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Fast and Accurate Computation of the Gamma Function

IP.com Disclosure Number: IPCOM000116572D
Original Publication Date: 1995-Oct-01
Included in the Prior Art Database: 2005-Mar-30
Document File: 2 page(s) / 40K

Publishing Venue

IBM

Related People

Slishman, GR: AUTHOR

Abstract

A fast and accurate method to compute the gamma function over real arguments is disclosed. Use the following definitions: 1. relative error is defined as ( x' - x ) / x, where x' is an approximation of x. 2. roundoff error is defined as x' - x, where x' is the closest machine number to a real number x. (Larger x has larger roundoff error, as the value of each machine fraction bit increases with x.) 3. lgamma(x) equals log(abs(gamma(x))) for real x. 4. exp(x) equals e to the power x.

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Fast and Accurate Computation of the Gamma Function

      A fast and accurate method to compute the gamma function over
real arguments is disclosed.  Use the following definitions:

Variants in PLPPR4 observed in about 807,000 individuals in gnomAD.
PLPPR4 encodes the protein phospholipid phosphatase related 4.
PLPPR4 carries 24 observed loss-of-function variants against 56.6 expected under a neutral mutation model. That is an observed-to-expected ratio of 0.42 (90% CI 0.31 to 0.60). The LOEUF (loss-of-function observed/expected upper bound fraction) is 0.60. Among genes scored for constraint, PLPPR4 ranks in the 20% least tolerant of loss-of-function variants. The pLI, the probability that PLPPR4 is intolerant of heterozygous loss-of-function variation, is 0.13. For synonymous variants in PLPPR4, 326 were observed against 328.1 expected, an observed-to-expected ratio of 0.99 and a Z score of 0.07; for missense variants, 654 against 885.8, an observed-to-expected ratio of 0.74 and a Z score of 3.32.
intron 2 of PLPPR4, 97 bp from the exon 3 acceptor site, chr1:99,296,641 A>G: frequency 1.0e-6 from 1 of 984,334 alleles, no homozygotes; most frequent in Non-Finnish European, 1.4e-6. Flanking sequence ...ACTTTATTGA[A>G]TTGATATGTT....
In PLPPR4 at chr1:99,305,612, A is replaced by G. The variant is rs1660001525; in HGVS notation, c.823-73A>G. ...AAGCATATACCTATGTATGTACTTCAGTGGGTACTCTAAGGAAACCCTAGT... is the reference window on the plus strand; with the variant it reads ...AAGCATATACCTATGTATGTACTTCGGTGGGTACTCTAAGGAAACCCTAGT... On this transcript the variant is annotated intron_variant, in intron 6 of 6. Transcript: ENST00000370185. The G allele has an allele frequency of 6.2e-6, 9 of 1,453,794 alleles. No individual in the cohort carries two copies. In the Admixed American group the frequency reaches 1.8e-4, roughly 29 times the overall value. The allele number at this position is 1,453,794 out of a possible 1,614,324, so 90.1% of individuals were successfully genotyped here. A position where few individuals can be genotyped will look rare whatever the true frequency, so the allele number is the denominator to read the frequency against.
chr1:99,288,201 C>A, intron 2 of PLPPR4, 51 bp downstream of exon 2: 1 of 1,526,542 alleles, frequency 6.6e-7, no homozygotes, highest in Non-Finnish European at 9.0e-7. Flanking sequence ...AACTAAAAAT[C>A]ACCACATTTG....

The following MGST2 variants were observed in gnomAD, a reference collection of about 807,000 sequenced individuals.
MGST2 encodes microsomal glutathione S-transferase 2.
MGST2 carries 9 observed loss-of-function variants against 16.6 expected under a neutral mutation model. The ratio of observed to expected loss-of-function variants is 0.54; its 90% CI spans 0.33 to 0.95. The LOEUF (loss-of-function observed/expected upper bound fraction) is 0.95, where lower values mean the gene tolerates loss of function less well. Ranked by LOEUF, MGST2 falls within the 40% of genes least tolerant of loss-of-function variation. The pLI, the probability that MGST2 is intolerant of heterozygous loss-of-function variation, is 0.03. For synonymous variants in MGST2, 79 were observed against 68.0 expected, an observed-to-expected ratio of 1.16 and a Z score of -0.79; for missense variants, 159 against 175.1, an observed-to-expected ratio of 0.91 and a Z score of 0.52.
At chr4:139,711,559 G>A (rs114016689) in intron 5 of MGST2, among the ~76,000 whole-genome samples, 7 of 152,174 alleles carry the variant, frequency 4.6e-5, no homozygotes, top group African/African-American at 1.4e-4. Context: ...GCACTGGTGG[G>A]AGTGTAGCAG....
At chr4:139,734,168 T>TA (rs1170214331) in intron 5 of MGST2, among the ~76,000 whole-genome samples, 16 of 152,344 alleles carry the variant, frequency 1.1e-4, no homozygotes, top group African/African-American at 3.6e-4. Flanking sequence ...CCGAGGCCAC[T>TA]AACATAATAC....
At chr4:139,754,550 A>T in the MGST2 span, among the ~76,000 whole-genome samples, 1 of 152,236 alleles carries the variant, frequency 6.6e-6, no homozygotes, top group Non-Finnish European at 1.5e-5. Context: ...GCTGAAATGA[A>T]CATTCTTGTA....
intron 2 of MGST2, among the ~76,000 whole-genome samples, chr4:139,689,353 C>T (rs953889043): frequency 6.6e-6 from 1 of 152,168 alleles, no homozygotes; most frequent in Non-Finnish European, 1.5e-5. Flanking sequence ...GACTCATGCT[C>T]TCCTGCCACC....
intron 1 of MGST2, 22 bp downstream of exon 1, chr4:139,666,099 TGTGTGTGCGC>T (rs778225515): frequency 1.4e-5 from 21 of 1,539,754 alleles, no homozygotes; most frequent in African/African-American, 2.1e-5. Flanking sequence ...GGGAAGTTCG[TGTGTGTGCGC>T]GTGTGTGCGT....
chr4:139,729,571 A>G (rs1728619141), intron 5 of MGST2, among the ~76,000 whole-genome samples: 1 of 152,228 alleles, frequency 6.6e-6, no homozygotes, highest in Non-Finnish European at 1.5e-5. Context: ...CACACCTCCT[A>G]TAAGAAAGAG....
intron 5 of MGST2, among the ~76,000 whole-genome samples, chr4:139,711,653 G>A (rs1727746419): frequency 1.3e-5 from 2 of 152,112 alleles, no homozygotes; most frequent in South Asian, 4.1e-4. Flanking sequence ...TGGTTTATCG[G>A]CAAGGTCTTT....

1.  relative error is defined as ( x' - x ) / x, where x' is an
       approximation of x.
  2.  roundoff error is defined as x' - x, where x' is the closest
       machine number to a real number x.  (Larger x has larger
       roundoff error, as the value of each machine fraction bit
       increases with x.)
  3.  lgamma(x) equals log(abs(gamma(x))) for real x.
  4.  exp(x) equals e to the power x.

      The standard algorithm to compute gamma of real x computes
exp(lgamma(x)) and then affixes the appropriate sign.  Since
dexp(y)/exp(y) = dy, the composite  relative error bound is
commensurate with the  roundoff error from y=lgamma(x).  As larger x
admits larger lgamma(x)  roundoff error,  the larger lgamma(x)
roundoff error admits larger  relative error
 in exp(lgamma(x)).

      To compute gamma with better accuracy and speed, the disclosed
method incorporates a logarithm computation which is accurate to
working precision plus a certain number of extra bits.  After
computing lgamma(x) in-line to extra precision as log_hi + log_lo,
the method then computes accurate gamma(x) as exp(log_hi + log_lo),
which is well-approximated by exp(log_hi) * (1 + log_lo).  The
in-line extra-precision logarithm executes as fast as a
working-precision
l...